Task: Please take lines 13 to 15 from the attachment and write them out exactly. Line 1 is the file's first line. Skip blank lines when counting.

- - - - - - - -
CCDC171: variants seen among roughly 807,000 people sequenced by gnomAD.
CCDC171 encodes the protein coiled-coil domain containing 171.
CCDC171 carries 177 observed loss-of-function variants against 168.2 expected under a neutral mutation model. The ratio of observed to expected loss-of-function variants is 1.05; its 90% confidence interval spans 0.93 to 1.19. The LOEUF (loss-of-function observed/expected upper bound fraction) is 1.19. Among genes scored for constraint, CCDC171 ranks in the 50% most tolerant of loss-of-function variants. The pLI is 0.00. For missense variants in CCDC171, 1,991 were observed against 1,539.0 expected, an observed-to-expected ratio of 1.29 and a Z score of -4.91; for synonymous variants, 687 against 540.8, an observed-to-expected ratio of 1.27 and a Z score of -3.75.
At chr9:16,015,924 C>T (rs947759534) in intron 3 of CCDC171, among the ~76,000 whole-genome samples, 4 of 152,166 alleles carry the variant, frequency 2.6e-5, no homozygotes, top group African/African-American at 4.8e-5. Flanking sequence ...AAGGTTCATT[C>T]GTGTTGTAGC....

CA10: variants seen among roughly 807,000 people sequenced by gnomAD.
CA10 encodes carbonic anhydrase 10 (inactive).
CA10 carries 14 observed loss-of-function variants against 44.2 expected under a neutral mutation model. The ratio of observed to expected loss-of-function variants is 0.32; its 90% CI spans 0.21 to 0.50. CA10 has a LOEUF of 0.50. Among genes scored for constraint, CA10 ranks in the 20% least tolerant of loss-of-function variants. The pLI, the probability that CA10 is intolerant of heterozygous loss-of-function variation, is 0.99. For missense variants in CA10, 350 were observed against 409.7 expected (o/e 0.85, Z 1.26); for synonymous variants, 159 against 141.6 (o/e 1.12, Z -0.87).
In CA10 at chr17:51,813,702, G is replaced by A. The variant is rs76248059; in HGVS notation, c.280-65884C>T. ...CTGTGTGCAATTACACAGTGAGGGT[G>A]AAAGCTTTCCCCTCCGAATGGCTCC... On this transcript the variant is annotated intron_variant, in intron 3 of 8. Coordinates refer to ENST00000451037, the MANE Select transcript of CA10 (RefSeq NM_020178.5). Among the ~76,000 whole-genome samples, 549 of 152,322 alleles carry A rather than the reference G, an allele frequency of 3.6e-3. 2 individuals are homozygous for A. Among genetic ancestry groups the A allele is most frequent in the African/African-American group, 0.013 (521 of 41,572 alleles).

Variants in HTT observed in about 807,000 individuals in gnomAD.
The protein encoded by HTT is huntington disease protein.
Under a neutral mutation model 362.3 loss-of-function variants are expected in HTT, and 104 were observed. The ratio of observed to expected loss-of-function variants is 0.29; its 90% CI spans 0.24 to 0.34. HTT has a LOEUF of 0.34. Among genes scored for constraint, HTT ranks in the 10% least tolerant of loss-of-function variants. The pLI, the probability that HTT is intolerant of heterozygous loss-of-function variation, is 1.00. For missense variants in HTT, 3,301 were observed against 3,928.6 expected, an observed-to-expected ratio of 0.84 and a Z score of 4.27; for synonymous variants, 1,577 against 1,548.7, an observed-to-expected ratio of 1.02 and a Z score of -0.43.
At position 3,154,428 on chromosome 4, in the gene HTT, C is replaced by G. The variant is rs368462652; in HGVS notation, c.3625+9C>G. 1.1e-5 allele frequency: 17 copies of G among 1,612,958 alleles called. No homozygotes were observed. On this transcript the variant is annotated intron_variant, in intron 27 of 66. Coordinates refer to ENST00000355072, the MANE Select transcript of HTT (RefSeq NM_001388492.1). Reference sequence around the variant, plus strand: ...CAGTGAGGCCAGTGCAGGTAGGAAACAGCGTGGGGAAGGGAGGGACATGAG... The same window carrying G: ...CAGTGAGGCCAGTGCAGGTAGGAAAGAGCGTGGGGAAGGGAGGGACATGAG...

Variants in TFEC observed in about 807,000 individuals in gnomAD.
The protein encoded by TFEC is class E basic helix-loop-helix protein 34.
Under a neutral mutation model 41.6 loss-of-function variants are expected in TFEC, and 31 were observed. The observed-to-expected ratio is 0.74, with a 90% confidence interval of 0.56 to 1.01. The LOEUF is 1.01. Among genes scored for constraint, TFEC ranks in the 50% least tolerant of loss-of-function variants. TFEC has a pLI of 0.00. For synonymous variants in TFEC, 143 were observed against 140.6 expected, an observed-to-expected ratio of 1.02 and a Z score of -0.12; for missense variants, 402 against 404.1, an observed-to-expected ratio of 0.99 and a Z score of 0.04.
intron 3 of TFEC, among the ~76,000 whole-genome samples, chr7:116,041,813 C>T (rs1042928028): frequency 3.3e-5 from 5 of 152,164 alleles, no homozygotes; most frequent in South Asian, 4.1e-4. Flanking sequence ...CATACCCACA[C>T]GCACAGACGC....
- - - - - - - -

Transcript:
Variants in TFEC observed in about 807,000 individuals in gnomAD.
The protein encoded by TFEC is class E basic helix-loop-helix protein 34.
Under a neutral mutation model 41.6 loss-of-function variants are expected in TFEC, and 31 were observed. The observed-to-expected ratio is 0.74, with a 90% confidence interval of 0.56 to 1.01. The LOEUF is 1.01. Among genes scored for constraint, TFEC ranks in the 50% least tolerant of loss-of-function variants. TFEC has a pLI of 0.00. For synonymous variants in TFEC, 143 were observed against 140.6 expected, an observed-to-expected ratio of 1.02 and a Z score of -0.12; for missense variants, 402 against 404.1, an observed-to-expected ratio of 0.99 and a Z score of 0.04.